Although her school does not officially teach hospitality or hotellery, most of the students end up working in local hotels, so she is very keen to make use of our project materials to get the students interested and to use them for teaching both the jobs that they can train for, and improve their language skills for use in hospitality.  I was able to show her a lot of the materials that we have been producing. She is very keen to use the 4 modules – and to see the 4.4 module about hotel staff and their jobs, particularly in Italian and German – but also in English.

The Star Inn Hotel near Salzburg Airport

As Ryanair’s afternoon flight back to London Stansted leaves too early for me

to catch it, I stayed the final night at this Salzburg hotel, as I did last March.  The three staff that I had previously met were still really interested in the project as I had sent them a lot of material. I had the opportunity to meet three new members of staff and, because the hotel was very quiet, was able to run a good dissemination session with them and was able to give them some presentation material on the project and explain what our aims are.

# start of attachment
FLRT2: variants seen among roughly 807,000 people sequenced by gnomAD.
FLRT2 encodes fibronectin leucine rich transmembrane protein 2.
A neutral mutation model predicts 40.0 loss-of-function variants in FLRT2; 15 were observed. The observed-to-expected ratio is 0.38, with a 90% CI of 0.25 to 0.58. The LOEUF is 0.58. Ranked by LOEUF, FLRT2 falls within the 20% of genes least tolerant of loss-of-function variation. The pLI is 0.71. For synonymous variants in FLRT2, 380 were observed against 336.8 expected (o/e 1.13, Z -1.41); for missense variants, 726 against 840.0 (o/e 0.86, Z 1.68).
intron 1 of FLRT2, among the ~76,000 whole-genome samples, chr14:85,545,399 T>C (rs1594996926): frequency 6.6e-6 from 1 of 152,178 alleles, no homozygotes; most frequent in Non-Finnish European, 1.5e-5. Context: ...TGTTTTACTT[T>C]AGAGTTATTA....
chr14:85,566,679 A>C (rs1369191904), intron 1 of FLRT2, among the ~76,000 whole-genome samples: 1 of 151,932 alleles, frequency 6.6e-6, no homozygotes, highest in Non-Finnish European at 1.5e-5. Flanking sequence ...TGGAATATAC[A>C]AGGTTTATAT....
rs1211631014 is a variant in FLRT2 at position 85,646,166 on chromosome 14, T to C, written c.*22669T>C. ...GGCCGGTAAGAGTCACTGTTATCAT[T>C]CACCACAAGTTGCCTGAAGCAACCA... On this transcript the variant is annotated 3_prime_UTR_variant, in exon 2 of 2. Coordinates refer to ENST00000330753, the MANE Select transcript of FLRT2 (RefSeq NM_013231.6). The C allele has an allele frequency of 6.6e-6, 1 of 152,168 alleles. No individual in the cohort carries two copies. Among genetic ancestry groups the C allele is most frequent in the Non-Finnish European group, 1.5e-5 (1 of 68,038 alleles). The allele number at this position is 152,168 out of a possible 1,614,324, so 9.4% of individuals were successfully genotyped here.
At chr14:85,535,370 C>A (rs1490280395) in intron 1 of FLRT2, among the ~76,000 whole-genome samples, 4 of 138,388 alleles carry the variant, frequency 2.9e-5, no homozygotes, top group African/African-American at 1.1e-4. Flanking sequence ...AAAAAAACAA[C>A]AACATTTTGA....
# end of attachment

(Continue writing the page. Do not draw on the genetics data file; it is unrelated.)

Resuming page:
The staff who I already knew from last March were the Manager, Sophie farmer, Veronica Quintero & Alwin Dietrich. The three new members of staff were Olga, Sabrina and Blagica. I am in the process of sending fresh project materials to all of them.

David Sephton

Primrose Publishing Ltd


Dissemination at Sapientia University

On 24 November 2017, the Miercurea Ciuc campus of Sapientia Hungarian University of Transylvania organized a scientific research conference entitled Let’s Search Together, during which colleagues from secondary schools from all of Transylvania came to present their research carried out within their PhD programmes. This occasion also gave the opportunity for Sapientia teachers to present their own research projects. We presented the aims of the Unity in Diversity project and the main results achieved so far. The participants were interested in both the English and the other language materials uploaded on the e-learning platform and asked about the possibility of using the online and face-to-face tasks in preparing their students for language examinations.

Zsuzsa Ajtony, Sapieantia team manager, Romania





This project has been funded with support from the European Commission. This publication [communication] reflects the views only of the author, and the Commission cannot be held responsible for any use which may be made of the information contained therein.